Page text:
5. It was not received in the Western Church until the fourth century and was not documented in the Eastern Church until the revision of the Syriac translation of the fifth century called the Peshitta.
    6. It was rejected by Theodore of Mopsuetia (a.d. 392-428), the leader of the Antiochean school of biblical interpretation (he rejected all of the catholic epistles).
    7. Erasmas had doubts about it, as did Martin Luther, who called it a "strawy epistle" because he felt it contradicted Romans' and Galatians' emphases on "justification by faith."

  2. Evidence of James' genuineness:
    1. It was alluded to in the writings of Clement of Rome (a.d. 95) and later in the second century by Ignatius, Polycarp, Justin Martyr, and Irenaeus.
    2. It is alluded to in the non-canonical, but popular, Christian writing called Shepherd of Hermas, written about a.d. 130.
    3. It is quoted directly by Origen (a.d. 185-245) in his commentary on John, XIX:23.
    4. In his Hist. Eccl. 2:23, Eusebius listed it among the "disputed books," but added that it was accepted by most churches.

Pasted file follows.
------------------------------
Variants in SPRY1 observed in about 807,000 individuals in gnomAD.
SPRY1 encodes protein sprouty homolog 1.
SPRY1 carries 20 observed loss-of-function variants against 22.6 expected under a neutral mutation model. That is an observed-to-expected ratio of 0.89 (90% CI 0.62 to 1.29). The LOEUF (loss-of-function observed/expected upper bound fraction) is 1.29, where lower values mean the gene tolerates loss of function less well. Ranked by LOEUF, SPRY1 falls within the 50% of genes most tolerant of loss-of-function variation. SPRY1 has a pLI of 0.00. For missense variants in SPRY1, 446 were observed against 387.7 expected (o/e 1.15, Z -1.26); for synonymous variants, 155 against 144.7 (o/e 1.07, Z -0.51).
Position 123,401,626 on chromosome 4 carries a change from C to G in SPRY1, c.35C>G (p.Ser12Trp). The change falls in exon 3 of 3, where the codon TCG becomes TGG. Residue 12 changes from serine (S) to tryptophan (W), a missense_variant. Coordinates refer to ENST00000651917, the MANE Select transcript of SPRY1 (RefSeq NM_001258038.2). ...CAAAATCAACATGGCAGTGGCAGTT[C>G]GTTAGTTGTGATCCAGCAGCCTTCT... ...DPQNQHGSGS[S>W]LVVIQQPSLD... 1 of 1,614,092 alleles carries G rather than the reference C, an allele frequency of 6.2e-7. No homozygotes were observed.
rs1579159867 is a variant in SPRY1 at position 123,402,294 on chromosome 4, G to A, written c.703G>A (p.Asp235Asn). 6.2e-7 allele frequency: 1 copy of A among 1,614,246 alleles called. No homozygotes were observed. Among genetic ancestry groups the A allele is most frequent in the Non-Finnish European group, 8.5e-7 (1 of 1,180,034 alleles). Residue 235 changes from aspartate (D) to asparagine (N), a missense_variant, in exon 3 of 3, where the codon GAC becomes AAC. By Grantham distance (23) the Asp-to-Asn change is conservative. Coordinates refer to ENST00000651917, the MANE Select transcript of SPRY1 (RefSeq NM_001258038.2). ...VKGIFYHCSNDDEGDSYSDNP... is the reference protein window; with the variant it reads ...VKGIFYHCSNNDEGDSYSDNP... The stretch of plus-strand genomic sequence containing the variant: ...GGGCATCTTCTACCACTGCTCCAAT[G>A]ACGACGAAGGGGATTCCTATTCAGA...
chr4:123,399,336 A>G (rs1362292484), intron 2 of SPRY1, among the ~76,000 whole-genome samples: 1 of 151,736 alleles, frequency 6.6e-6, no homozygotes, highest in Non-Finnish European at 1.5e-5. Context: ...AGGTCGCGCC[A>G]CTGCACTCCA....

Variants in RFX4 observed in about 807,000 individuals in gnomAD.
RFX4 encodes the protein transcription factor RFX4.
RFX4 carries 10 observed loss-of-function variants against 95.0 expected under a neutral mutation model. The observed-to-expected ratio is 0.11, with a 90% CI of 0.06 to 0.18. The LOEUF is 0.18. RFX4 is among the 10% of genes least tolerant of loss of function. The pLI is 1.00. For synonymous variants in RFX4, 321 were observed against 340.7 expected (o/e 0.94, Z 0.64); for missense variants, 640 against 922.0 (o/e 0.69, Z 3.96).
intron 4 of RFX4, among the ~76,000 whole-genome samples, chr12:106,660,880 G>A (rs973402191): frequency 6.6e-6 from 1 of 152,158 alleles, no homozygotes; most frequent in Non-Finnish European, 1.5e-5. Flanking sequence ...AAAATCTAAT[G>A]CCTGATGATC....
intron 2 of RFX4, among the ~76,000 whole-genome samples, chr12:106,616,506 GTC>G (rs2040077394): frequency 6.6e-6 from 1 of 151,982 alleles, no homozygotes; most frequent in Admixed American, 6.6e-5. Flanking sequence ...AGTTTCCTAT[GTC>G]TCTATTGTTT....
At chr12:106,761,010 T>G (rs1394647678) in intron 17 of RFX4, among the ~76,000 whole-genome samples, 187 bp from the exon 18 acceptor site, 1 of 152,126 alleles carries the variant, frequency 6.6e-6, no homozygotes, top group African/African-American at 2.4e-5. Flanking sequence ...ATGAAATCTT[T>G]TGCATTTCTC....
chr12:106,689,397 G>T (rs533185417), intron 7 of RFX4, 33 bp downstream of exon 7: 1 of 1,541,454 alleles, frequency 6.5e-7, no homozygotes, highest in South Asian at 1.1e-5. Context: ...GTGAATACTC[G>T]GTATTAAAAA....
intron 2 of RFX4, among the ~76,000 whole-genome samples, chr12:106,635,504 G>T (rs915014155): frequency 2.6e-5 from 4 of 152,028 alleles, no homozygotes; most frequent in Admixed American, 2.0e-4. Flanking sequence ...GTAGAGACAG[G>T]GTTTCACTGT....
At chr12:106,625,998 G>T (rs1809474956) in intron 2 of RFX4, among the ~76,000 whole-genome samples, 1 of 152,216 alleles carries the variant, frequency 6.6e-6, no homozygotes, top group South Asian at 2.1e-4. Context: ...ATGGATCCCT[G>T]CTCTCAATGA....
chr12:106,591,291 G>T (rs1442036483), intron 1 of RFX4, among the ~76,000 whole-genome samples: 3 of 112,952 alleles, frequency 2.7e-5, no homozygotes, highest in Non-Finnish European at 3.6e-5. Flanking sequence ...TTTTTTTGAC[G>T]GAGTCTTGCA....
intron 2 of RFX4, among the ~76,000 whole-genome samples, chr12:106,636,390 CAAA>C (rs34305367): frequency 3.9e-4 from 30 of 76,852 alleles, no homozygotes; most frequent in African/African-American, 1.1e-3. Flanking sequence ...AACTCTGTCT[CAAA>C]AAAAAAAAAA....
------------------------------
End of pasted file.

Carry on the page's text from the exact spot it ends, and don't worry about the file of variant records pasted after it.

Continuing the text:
5. It is included in the revision of the Syriac translation of a.d. 412 (called the Peshitta).
    6. Origen and John of Damascus in the East and Jerome and Augustine in the West championed this book's inclusion in the Canon. It received official canonical status at the Councils of Hippo, a.d. 393, and Carthage, a.d. 397 and again in a.d. 419.
    7. It was accepted by Chrysostom (a.d. 345-407) and Theodoret (a.d. 393-457), both leaders of the Antiochean school of biblical interpretation.

READING CYCLE ONE (from "A Guide to Good Bible Reading")

This is a study guide commentary, which means that you are responsible for your own interpretation of the Bible. Each of us must walk in the light we have. You, the Bible, and the Holy Spirit are priority in interpretation. You must not relinquish this to a commentator.

Therefore, read the entire biblical book at one sitting. State the central theme of the entire book in your own words.

1. Theme of entire book

2. Type of literature (genre)


READING CYCLE TWO (from "A Guide to Good Bible Reading")

This is a study guide commentary, which means that you are responsible for your own interpretation of the Bible. Each of us must walk in the light we have. You, the Bible, and the Holy Spirit are priority in interpretation. You must not relinquish this to a commentator.

Therefore, read the entire biblical book a second time at one sitting. Outline the main subjects and express the subject in a single sentence.

1. Subject of first literary unit

2. Subject of second literary unit

3. Subject of third literary unit

4. Subject of fourth literary unit

5. Etc.